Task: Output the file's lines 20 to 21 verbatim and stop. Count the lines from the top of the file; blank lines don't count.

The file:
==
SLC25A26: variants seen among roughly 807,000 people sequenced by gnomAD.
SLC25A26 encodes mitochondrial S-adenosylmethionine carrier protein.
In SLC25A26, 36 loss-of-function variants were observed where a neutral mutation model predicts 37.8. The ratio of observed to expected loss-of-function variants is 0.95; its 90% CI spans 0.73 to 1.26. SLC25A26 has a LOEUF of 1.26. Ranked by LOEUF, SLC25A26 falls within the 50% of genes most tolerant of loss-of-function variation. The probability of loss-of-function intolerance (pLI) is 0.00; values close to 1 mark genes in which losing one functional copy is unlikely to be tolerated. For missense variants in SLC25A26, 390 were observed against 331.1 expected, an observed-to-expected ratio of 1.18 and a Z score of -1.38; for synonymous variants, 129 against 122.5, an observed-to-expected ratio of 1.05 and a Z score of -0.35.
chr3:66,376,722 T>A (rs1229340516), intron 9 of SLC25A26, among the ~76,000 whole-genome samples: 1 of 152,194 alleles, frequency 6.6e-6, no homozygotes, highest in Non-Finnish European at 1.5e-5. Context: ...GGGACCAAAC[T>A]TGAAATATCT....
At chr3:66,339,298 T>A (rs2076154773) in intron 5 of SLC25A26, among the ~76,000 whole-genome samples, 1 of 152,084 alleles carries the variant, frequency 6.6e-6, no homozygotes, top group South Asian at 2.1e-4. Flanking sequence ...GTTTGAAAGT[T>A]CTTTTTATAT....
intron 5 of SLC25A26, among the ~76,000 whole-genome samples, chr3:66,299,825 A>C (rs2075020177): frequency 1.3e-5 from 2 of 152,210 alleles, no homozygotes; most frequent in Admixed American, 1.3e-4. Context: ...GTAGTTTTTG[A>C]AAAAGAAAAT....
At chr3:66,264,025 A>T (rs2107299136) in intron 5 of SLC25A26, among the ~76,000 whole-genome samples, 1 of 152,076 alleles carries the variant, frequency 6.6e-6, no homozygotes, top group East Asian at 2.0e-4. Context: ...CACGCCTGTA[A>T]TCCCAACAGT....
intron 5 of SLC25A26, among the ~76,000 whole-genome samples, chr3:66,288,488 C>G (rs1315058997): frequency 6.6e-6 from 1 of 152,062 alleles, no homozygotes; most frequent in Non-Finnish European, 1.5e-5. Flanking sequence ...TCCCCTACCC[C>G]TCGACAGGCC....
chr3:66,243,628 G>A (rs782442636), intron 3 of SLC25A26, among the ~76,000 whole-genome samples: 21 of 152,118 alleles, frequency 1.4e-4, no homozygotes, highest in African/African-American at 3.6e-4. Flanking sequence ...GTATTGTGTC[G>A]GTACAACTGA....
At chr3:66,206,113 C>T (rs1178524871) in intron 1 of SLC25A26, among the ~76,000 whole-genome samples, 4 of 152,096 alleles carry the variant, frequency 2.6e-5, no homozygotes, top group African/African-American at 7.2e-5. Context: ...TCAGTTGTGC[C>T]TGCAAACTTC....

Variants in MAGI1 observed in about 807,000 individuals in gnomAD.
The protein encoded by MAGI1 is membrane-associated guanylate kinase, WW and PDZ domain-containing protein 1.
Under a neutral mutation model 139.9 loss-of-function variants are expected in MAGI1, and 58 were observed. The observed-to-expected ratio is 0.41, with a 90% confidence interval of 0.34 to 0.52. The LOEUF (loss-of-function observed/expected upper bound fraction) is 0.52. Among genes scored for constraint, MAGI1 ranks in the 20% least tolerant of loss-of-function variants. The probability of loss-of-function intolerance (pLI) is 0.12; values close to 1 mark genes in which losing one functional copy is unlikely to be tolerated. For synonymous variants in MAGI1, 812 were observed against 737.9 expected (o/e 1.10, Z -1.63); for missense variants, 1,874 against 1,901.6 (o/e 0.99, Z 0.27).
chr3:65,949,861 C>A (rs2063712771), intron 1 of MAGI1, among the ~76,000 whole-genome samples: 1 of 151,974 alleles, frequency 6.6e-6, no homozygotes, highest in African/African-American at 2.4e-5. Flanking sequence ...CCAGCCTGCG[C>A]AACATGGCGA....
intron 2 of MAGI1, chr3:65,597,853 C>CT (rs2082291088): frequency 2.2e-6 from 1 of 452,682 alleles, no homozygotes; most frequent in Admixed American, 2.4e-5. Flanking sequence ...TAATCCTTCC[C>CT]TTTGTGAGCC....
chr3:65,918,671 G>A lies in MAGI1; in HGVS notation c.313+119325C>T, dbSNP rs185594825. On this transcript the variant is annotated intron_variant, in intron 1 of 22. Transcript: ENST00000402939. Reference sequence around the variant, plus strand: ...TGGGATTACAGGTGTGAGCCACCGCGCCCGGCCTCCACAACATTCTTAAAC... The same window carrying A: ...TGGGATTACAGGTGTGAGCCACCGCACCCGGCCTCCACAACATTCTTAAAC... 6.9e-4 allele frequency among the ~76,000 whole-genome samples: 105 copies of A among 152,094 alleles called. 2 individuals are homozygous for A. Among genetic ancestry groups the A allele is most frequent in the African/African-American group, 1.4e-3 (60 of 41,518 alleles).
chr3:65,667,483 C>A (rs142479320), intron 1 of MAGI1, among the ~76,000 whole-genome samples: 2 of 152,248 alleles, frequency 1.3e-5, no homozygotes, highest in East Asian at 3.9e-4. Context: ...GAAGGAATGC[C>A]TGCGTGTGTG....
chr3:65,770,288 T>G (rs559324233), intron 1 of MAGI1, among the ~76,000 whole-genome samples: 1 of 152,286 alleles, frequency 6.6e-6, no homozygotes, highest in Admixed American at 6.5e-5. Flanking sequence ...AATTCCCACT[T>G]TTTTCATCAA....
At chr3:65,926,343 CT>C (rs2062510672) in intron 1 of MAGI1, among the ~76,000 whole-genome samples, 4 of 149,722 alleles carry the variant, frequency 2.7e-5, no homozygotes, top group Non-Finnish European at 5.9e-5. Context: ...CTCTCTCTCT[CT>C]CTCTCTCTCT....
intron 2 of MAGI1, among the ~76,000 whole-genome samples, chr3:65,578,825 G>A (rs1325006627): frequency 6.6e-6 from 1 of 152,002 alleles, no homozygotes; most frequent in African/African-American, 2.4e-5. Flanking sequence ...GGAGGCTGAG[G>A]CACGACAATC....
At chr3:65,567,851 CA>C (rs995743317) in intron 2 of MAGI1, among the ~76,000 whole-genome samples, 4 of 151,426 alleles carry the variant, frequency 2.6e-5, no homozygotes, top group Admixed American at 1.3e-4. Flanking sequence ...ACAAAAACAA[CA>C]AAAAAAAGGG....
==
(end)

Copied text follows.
intron 2 of MAGI1, among the ~76,000 whole-genome samples, chr3:65,578,825 G>A (rs1325006627): frequency 6.6e-6 from 1 of 152,002 alleles, no homozygotes; most frequent in African/African-American, 2.4e-5. Flanking sequence ...GGAGGCTGAG[G>A]CACGACAATC....
At chr3:65,567,851 CA>C (rs995743317) in intron 2 of MAGI1, among the ~76,000 whole-genome samples, 4 of 151,426 alleles carry the variant, frequency 2.6e-5, no homozygotes, top group Admixed American at 1.3e-4. Flanking sequence ...ACAAAAACAA[CA>C]AAAAAAAGGG....